Jump to Recipe

I like the flavor so much, I don’t even put BBQ sauce on my sandwich. You definitely can, but it’s plenty flavorful by itself. This is a rare recipe of mine that doesn’t have any garlic in it! Behold, it can be done! It has a wonderful, warming, autumnal taste with the apple cider, apple juice, cumin, and cloves. You can remove the jalapeño seeds and/or membranes to make it less spicy, but it’s not overpowering as is, just perky. 

SUNDAY
Chicken burgers, nacho chips

Sunday was when we noticed the oven was broken, and also when we discovered you can broil frozen chicken burgers and they turn out fine. 

MONDAY
English muffin pizzas

We used to have this alllllll the time. It’s been several years, I think, and it’s a meal a few of the kids have been agitating for. Damien was going to be out of town, so I took the opportunity. I even got little bitty mini pepperonis to make it cute

I don’t really miss this meal, but it wasn’t terrible. I feared and hated the sourness of English muffins when I was little, and I still have to consciously flip a switch in my head to enjoy the taste of them. 

TUESDAY
Chicken tortilla soup, quesadillas

I had some leftover rotisserie chicken from last week I had chucked into the freezer, so I used that to make one of my favorite soups. The recipe

Jump to Recipe

calls for cooking the raw chicken directly into the broth, and I wasn’t going to do that, so I added extra chicken bouillon to make sure it had some flavor. It also calls for chipotle chiles in adobo sauce, and I couldn’t find that at all in the three stores I went to. So I just added more of all the other ingredients. 

The result was . . . honestly, pretty bland soup.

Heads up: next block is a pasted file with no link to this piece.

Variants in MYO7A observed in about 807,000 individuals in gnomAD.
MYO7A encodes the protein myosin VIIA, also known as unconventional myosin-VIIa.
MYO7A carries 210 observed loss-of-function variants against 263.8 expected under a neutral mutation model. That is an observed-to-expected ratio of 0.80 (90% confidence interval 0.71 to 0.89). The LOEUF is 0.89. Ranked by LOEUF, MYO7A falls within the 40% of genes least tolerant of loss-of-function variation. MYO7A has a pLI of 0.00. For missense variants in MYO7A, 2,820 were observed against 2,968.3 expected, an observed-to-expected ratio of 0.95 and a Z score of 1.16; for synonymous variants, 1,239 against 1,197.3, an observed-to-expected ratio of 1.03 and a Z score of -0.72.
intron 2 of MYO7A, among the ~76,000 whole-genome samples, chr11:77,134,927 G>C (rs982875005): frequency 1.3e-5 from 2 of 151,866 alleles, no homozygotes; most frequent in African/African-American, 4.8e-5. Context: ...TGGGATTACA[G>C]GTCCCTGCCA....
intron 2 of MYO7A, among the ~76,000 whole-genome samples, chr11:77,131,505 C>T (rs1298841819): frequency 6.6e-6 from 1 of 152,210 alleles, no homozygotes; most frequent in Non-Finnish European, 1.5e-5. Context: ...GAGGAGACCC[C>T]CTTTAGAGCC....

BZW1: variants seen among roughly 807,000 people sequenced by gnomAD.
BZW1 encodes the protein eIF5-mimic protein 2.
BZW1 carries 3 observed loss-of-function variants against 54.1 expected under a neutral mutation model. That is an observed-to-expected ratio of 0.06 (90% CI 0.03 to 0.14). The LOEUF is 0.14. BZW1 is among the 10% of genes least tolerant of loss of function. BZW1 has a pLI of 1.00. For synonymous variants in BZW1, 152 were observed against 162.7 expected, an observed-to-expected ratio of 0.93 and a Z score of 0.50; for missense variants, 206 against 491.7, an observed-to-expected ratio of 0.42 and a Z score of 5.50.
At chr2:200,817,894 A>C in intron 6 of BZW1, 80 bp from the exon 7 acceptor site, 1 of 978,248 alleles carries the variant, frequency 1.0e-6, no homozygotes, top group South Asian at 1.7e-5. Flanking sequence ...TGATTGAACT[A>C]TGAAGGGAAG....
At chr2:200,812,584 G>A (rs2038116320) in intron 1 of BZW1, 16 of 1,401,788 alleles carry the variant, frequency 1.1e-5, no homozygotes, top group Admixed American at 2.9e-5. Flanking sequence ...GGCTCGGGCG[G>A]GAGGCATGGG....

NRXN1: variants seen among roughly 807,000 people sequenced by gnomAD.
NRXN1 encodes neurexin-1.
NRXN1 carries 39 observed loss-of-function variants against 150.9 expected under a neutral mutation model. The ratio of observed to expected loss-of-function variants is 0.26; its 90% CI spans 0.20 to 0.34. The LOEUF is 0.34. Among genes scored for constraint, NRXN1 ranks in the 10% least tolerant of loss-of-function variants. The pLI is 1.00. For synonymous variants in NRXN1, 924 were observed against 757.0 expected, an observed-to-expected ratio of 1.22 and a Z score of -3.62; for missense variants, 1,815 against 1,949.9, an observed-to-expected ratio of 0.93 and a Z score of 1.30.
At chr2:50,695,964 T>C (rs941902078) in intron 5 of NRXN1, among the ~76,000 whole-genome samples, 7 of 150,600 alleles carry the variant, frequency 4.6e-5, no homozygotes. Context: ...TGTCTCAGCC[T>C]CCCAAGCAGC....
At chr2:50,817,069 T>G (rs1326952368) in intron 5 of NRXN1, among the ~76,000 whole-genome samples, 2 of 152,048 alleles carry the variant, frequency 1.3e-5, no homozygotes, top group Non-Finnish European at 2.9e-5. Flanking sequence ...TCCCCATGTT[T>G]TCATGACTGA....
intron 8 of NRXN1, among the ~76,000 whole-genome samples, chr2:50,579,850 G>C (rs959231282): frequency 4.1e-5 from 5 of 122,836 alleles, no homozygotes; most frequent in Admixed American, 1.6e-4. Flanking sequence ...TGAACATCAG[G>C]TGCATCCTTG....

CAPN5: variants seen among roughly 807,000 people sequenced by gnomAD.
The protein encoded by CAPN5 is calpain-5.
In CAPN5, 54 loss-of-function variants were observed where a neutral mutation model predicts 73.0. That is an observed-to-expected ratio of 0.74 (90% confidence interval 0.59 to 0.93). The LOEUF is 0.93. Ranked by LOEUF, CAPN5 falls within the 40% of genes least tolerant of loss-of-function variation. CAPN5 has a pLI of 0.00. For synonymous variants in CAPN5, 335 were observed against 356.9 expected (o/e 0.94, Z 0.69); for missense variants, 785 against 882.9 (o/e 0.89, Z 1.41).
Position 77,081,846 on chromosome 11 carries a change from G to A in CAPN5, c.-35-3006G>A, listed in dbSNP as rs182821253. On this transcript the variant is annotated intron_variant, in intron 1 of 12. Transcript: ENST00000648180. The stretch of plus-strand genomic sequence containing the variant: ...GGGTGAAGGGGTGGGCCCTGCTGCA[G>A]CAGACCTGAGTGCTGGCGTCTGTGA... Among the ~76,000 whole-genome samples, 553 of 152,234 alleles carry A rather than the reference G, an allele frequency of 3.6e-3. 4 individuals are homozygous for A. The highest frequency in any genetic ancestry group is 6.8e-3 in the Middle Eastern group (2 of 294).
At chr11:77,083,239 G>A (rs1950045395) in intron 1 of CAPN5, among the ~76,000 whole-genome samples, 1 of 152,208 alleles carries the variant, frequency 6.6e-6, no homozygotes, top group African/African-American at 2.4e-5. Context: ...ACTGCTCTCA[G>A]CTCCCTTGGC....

Pretty, though. Aldi had these fancy tri-colored crunchy tortilla strips for toppings, so I grabbed a bag of those, and I also topped mine with avocado and cilantro. I made a bunch of quesadillas. It was fine. Not an amazing meal, but it wasn’t the recipe’s fault. 

WEDNESDAY
Mexican beef bowls, pineapple

On Wednesday, I re-burnished my reputation somewhat with a meal everybody likes: Mexican beef bowls.

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Roast beef was on sale, so I made the lovely, piquant marinade in the morning and sliced the meat thinly, and let it marinate all day

When it got to be close to supper, I made a pot of rice, sliced up a few pineapples, shredded some cheese, roasted some corn, chopped some cilantro, cut up some limes, and dug up some sour cream, and then I broiled the meat

Honestly I overcooked it, because I forgot how thin it was, but it was fine. 

So yummy. Tons of flavors. 

Earlier in the day, I also made a pot of black beans. Actually I only had one can of beans and one can of kidney beans, so that’s what we had.